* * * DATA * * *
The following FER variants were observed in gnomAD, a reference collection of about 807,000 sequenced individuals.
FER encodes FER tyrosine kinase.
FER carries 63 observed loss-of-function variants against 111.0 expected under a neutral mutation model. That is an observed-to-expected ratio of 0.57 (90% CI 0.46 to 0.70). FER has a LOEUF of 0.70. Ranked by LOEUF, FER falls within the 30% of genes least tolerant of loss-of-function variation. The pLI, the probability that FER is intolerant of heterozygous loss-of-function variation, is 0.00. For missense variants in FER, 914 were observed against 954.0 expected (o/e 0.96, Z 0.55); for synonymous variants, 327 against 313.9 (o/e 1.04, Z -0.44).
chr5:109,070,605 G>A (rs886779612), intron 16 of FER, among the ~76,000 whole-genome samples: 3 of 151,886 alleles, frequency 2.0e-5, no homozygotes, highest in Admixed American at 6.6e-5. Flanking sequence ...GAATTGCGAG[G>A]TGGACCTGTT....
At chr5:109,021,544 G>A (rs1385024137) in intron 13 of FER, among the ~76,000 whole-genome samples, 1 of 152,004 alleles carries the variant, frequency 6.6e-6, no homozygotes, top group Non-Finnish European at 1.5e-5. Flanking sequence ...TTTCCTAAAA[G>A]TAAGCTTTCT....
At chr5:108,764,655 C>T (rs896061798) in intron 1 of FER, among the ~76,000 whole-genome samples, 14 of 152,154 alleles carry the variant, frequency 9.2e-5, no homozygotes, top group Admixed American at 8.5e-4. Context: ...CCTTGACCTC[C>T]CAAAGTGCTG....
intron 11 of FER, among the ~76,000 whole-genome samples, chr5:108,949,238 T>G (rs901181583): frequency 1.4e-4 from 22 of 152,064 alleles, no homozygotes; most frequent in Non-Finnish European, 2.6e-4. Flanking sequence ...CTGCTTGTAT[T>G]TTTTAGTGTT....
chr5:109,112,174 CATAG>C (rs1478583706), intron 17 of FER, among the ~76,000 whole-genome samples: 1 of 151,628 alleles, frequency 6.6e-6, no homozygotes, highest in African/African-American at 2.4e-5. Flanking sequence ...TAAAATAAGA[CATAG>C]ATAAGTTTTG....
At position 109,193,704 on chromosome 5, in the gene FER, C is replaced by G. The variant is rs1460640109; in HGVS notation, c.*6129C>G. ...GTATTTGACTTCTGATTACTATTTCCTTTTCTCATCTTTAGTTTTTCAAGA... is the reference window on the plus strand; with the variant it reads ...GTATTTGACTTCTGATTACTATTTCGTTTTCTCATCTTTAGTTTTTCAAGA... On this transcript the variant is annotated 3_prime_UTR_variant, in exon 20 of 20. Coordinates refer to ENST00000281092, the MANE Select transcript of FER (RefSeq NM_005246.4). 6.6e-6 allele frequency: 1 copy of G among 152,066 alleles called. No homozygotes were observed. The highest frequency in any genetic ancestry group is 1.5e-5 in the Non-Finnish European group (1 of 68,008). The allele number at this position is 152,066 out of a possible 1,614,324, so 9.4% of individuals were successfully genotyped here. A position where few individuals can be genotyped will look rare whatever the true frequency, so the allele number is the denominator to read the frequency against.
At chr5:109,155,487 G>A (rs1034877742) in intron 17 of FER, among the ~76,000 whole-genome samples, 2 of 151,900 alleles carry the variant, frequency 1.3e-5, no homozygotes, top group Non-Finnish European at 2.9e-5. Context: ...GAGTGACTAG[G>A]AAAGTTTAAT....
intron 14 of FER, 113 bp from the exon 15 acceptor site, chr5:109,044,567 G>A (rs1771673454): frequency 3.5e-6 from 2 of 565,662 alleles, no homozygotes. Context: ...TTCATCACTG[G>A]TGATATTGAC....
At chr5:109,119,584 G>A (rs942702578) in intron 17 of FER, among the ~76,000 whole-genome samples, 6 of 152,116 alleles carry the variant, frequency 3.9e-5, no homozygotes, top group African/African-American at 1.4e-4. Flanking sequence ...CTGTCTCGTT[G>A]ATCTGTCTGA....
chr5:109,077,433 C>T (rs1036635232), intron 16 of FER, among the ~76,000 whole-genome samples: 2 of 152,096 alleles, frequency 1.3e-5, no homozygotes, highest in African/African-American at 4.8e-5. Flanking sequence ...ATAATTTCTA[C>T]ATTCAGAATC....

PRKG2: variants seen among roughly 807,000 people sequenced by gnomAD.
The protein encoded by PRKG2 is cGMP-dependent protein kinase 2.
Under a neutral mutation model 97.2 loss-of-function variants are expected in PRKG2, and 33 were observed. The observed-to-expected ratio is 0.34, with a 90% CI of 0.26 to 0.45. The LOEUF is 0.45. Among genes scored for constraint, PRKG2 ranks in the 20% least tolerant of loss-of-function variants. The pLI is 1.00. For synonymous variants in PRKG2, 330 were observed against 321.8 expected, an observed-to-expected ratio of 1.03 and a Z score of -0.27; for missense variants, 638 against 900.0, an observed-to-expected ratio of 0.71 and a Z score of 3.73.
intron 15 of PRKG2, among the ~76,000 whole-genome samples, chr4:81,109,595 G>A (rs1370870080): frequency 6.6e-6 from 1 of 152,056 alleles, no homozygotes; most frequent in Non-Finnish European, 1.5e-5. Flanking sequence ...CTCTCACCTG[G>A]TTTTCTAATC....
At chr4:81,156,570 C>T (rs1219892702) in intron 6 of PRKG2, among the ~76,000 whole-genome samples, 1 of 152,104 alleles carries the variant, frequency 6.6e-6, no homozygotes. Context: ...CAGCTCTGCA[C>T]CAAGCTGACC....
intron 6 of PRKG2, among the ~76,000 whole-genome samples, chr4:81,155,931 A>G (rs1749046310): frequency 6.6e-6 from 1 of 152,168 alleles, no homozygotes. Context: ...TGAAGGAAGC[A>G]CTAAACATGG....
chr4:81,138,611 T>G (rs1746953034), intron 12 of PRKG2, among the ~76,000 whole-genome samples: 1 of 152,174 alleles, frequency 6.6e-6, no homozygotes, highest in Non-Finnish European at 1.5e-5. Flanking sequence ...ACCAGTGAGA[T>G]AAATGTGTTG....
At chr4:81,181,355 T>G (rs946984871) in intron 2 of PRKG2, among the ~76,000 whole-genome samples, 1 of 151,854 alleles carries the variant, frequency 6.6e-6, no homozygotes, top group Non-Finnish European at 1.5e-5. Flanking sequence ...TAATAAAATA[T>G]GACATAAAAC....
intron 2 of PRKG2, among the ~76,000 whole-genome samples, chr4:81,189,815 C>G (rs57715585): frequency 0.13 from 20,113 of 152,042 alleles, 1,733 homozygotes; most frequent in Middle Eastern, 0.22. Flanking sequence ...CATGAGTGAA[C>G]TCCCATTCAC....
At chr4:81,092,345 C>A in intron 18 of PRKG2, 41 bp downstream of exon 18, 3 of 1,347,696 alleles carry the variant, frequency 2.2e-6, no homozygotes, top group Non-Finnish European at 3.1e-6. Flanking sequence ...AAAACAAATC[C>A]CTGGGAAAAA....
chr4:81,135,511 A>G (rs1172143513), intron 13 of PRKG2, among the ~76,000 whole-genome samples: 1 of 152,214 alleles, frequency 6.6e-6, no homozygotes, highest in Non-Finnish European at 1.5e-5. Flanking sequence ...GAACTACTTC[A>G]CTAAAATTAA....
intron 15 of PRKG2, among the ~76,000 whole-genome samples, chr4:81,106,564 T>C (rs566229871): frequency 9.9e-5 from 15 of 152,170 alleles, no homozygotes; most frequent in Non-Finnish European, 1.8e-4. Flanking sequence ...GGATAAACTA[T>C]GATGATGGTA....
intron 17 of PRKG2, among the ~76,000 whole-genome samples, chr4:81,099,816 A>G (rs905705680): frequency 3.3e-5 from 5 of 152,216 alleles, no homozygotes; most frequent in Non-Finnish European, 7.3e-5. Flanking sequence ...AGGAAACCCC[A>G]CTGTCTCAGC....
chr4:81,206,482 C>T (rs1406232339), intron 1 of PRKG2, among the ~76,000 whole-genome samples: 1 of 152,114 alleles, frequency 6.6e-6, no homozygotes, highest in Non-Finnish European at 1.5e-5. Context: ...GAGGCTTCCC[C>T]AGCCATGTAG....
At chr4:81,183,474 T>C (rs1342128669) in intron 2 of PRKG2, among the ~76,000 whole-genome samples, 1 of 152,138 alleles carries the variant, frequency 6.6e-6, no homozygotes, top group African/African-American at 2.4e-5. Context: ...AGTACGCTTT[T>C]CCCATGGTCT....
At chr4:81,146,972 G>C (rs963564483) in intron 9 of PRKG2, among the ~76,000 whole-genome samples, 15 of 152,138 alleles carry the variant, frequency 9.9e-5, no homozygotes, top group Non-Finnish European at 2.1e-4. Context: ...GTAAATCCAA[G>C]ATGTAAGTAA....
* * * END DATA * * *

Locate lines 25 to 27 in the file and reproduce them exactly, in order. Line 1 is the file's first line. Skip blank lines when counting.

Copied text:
intron 15 of PRKG2, among the ~76,000 whole-genome samples, chr4:81,106,564 T>C (rs566229871): frequency 9.9e-5 from 15 of 152,170 alleles, no homozygotes; most frequent in Non-Finnish European, 1.8e-4. Flanking sequence ...GGATAAACTA[T>C]GATGATGGTA....
intron 17 of PRKG2, among the ~76,000 whole-genome samples, chr4:81,099,816 A>G (rs905705680): frequency 3.3e-5 from 5 of 152,216 alleles, no homozygotes; most frequent in Non-Finnish European, 7.3e-5. Flanking sequence ...AGGAAACCCC[A>G]CTGTCTCAGC....
chr4:81,206,482 C>T (rs1406232339), intron 1 of PRKG2, among the ~76,000 whole-genome samples: 1 of 152,114 alleles, frequency 6.6e-6, no homozygotes, highest in Non-Finnish European at 1.5e-5. Context: ...GAGGCTTCCC[C>T]AGCCATGTAG....